Recent UW Law Faculty Scholarship: Clinical Education at WI, Race-Based Remedies in Criminal Law, the Federalist Constitution, and the NCAA in the Supreme Court

Here is the latest faculty scholarship appearing in the University of Wisconsin Law School Legal Studies Research Papers series found on SSRN.

  • “Clinics at Wisconsin: Comprehensive, In-Depth Pedagogy and Bottom-Up Innovation”
    2021 Wisconsin Law Review 409 (2021) by KEITH A. FINDLEY and LOUISE G. TRUBEK, (UW Law)
    The University of Wisconsin Law School has been a pioneer in clinical education. Experiential education, involving actual legal advocacy and practice, started at Wisconsin in the 1970s before many U.S. law schools had even thought about what came to be called law school “clinics.” These initial efforts developed out of the Law School’s commitment to innovations in criminal justice and its support of public interest law and administrative advocacy.
  • “Race-Based Remedies in Criminal Law” William & Mary Law Review, Forthcoming by ION MEYN (UW Law)
    This Article evaluates the constitutional feasibility of using race-based remedies to address racial disparities in the criminal system. Compared to white communities, communities of color are over-policed and over-incarcerated. …  This Article, however, contends that within the criminal system, strict scrutiny requirements do not pose an insurmountable obstacle to race-based policies. There is promising decisional law surrounding the use of race-conscious efforts to address criminal-system challenges. Drawing on this favorable doctrine, the Article tests the constitutionality of race-based remedies in one of the most dynamic areas in the criminal system: the use of risk assessment tools, which jurisdictions are increasingly relying upon to make decisions, even as these tools reproduce racial harms. To enrich the analysis, the Article presents a case study of a jurisdiction struggling to mitigate racial harms perpetuated by its pre-trial risk assessment tool.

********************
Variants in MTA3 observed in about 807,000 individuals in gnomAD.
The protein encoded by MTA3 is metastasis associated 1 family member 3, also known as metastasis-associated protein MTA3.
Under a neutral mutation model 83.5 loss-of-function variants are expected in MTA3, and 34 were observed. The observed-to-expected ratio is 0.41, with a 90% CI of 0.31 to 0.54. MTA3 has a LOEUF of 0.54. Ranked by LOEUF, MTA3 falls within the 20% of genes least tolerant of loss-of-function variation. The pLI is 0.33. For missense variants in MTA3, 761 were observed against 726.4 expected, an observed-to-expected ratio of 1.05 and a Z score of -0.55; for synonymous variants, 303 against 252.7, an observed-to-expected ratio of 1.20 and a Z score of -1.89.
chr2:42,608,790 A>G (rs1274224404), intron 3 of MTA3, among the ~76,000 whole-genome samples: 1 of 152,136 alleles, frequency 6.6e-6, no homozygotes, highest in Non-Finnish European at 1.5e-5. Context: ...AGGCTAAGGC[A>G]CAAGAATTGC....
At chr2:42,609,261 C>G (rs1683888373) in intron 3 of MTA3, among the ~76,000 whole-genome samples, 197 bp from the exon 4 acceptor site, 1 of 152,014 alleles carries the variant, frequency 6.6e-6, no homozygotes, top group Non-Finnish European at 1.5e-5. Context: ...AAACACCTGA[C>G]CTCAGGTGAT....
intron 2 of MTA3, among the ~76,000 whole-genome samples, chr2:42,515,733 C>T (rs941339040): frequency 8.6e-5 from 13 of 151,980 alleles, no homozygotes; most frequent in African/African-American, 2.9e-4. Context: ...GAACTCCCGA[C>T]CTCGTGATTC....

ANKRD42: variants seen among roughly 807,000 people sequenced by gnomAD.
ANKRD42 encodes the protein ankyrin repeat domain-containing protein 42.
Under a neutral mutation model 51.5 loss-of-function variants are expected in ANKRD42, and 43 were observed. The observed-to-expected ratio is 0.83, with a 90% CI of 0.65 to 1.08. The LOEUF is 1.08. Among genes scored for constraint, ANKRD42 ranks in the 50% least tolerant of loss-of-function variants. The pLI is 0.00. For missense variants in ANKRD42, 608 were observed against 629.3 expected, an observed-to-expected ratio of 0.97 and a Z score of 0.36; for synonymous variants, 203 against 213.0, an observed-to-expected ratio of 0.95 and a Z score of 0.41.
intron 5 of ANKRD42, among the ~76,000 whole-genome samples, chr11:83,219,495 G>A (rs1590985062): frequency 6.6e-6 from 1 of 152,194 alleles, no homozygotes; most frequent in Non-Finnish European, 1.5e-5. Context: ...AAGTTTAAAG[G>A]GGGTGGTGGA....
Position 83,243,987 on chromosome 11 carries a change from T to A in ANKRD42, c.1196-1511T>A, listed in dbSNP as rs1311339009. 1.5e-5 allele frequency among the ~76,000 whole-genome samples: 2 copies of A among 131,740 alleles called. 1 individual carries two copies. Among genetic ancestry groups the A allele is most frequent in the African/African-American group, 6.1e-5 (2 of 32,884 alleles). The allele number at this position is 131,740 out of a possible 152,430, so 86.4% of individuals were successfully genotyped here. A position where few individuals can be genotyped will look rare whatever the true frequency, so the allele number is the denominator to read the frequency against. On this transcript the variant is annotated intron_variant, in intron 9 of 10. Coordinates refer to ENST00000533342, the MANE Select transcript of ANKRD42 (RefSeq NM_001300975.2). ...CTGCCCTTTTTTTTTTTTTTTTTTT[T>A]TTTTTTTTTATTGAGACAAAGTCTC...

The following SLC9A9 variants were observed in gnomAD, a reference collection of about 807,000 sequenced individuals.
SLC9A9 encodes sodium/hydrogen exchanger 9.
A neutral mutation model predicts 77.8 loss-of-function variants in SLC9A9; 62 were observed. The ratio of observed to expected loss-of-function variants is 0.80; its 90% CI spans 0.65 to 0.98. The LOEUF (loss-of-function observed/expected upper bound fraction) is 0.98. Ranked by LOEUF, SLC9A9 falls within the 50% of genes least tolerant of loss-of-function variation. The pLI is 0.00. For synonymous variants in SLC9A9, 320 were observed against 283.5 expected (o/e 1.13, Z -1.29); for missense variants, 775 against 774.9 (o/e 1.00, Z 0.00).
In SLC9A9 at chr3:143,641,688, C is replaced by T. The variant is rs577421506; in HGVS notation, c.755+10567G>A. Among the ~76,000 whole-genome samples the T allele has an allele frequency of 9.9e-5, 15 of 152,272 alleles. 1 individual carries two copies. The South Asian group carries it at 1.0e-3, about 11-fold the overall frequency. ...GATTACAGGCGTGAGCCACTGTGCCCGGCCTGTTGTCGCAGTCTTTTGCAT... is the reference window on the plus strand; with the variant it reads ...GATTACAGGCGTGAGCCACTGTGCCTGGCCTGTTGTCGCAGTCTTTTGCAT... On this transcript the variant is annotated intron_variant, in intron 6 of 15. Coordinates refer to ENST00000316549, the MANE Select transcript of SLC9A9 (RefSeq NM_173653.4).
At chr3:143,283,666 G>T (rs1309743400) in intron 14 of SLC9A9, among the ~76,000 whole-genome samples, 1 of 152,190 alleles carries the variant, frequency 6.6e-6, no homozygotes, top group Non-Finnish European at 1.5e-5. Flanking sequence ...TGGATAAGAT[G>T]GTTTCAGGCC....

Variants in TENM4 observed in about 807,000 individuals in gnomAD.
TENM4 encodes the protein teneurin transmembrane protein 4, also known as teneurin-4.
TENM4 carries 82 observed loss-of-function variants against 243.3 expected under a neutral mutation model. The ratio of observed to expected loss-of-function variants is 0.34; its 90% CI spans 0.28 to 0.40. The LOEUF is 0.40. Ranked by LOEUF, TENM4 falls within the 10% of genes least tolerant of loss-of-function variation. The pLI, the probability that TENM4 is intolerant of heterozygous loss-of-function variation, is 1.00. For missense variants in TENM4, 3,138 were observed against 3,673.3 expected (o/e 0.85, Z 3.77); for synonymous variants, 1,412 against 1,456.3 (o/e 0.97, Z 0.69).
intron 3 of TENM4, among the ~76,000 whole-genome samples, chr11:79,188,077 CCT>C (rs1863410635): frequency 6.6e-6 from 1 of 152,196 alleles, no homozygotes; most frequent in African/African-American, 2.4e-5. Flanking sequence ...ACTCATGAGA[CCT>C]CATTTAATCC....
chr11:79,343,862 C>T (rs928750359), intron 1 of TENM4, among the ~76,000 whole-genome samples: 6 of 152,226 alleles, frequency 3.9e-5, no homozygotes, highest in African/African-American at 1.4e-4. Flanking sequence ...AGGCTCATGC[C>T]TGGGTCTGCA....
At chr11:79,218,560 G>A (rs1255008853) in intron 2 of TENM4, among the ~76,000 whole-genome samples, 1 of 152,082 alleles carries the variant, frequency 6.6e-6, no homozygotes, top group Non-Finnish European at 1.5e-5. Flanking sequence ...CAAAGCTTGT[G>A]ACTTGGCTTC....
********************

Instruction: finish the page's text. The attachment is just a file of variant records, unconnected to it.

• “The Federalist Constitution: Foreword” 89 Fordham L. Rev. 1669 (2021) by DAVID S. SCHWARTZ (UW Law), JONATHAN GIENAPP, JOHN MIKHAIL, and RICHARD PRIMUS
    Historical inquiry into constitutional meaning is distorted by long-standing received narratives and interpretations that are shaped by the political triumph and electoral dominance of the Jeffersonian-Republican and Jacksonian-Democratic parties between 1800 and 1860. But the original meanings of the Constitution were sharply contested and prominently featured some long-forgotten interpretations advanced by the Federalists. This foreword, and the articles it introduces, excavate the constitutional ideology of the Federalist Constitution, whose understanding is essential to a historically accurate picture of the founding.
  • “The NCAA in the Supreme Court—Analytic Confusion Resulting in Inexplicable Results”
    2021 Concurrences: Competition L. Rev., no. 2 (Mar. 31, 2021) by PETER CARSTENSEN (UW Law)
    The Supreme Court recently heard arguments in NCAA v. Alston. The case involves a challenge to the NCAA’s regulations that restrict the amount of financial aid that colleges may provide to athletes. The lower courts rejected the NCAA’s arguments for its right to impose its regulations and substituted their own rule governing the limits of financial aid. The case is framed around the “rule of reason.” This is a fundamental error of analysis. The NCAA is either a cartel or lawful regulatory agency. It is not a legitimate joint business venture producing a good or service to which some restraints on the participants’ freedom to compete are reasonably ancillary.

To access all the papers in the University of Wisconsin Law School Legal Studies Research Paper Series, please use the following URL: